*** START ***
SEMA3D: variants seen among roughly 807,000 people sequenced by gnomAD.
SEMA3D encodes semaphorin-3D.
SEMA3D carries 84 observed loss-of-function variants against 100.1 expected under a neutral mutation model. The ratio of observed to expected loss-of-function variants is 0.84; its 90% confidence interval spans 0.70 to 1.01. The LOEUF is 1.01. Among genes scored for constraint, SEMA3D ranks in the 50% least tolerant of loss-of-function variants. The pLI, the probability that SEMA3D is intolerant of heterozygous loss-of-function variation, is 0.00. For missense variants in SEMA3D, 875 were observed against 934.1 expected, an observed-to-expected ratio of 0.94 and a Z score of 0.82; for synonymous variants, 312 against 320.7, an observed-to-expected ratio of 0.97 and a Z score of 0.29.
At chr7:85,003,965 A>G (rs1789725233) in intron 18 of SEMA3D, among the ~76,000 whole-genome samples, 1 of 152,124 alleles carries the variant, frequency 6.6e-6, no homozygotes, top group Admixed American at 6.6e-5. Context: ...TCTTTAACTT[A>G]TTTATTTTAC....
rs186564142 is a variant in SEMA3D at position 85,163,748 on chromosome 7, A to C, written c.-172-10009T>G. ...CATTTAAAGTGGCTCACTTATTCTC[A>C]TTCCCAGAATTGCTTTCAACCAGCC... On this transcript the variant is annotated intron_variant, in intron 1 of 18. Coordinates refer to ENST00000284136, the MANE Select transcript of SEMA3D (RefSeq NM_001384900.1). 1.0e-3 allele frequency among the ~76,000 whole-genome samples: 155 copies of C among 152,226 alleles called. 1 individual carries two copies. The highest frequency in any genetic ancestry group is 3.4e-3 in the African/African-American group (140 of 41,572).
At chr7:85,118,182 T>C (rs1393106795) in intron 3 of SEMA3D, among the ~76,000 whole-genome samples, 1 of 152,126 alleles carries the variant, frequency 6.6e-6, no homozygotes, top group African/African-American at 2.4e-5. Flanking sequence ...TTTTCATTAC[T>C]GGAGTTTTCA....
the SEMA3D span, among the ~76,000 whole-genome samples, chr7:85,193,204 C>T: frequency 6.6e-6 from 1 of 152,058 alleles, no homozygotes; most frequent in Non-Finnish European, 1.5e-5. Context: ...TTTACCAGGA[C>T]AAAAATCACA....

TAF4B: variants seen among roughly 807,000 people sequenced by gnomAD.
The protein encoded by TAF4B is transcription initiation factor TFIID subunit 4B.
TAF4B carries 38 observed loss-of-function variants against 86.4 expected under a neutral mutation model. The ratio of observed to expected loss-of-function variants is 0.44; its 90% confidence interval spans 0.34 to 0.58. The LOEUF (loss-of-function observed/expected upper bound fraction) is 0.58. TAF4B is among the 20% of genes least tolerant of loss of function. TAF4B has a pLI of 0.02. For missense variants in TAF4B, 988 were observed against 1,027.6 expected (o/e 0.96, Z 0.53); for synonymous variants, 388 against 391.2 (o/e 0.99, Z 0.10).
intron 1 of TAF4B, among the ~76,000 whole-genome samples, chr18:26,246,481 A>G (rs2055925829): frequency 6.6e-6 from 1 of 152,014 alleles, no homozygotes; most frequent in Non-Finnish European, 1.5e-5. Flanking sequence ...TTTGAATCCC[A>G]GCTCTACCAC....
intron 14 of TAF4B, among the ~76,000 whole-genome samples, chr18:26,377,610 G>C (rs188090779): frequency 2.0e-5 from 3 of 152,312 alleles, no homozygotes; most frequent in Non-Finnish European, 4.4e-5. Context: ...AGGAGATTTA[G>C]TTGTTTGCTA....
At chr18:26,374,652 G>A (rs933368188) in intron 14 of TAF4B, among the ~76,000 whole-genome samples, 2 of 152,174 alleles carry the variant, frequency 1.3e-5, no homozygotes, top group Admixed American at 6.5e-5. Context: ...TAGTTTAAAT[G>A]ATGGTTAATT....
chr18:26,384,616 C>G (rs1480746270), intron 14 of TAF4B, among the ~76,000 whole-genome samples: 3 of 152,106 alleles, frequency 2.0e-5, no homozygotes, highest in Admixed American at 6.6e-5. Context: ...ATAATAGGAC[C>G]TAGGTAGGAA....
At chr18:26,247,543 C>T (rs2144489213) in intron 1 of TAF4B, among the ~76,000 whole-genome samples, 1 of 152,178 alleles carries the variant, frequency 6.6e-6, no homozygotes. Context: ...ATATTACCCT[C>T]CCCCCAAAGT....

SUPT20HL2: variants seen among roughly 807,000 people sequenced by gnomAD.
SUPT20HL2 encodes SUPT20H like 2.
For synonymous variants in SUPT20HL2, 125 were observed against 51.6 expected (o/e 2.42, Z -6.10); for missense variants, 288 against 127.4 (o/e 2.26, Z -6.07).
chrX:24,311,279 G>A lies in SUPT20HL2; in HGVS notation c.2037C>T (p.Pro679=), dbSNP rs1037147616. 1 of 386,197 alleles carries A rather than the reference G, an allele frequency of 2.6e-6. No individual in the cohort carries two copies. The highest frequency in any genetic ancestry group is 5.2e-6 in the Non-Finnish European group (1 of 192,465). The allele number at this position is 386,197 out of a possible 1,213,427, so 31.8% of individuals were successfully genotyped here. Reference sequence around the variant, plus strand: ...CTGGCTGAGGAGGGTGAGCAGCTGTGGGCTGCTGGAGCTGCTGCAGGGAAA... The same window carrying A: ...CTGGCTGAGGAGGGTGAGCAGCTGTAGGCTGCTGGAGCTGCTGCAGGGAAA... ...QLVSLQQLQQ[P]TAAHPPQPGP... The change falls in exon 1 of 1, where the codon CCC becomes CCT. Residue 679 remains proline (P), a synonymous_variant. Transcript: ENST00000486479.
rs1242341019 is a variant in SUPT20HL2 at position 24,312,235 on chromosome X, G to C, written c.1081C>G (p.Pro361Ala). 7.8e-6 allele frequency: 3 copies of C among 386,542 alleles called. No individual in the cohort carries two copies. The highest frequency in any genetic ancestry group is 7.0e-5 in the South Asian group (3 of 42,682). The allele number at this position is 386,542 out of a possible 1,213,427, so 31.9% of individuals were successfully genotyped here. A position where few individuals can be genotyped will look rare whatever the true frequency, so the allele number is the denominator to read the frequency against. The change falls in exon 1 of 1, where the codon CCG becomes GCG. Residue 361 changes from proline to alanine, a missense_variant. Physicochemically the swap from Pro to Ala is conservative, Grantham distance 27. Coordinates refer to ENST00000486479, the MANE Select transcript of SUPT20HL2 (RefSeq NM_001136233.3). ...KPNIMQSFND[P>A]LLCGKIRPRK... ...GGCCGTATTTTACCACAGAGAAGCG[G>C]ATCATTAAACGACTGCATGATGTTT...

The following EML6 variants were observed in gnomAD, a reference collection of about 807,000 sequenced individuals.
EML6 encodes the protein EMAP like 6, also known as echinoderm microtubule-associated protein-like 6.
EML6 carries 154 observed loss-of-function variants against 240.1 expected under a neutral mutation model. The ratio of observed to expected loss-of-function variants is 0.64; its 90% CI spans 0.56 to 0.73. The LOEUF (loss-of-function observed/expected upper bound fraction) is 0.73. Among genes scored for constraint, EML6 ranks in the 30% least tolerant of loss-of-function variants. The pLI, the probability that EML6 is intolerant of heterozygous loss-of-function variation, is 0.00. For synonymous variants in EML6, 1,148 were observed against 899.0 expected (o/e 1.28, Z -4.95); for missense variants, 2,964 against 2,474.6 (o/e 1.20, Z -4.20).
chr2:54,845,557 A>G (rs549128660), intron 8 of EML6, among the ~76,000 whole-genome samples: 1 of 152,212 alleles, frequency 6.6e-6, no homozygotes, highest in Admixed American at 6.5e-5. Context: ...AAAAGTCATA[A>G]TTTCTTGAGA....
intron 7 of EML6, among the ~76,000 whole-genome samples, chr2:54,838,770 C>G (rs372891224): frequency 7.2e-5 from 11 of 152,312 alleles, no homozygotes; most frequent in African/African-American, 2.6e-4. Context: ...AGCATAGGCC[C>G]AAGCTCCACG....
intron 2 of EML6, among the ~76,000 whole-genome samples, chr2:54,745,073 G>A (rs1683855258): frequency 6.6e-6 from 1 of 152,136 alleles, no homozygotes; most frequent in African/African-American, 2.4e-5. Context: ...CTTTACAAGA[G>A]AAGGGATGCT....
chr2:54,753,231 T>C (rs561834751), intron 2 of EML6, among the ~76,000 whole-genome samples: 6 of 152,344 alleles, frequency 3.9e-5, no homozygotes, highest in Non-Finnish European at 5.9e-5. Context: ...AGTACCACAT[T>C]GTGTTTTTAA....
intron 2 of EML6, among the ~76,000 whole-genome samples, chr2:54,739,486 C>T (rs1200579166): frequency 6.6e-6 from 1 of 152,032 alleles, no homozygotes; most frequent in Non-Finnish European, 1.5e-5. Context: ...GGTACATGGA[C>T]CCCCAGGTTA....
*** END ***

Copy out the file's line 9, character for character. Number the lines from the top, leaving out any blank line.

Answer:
The protein encoded by TAF4B is transcription initiation factor TFIID subunit 4B.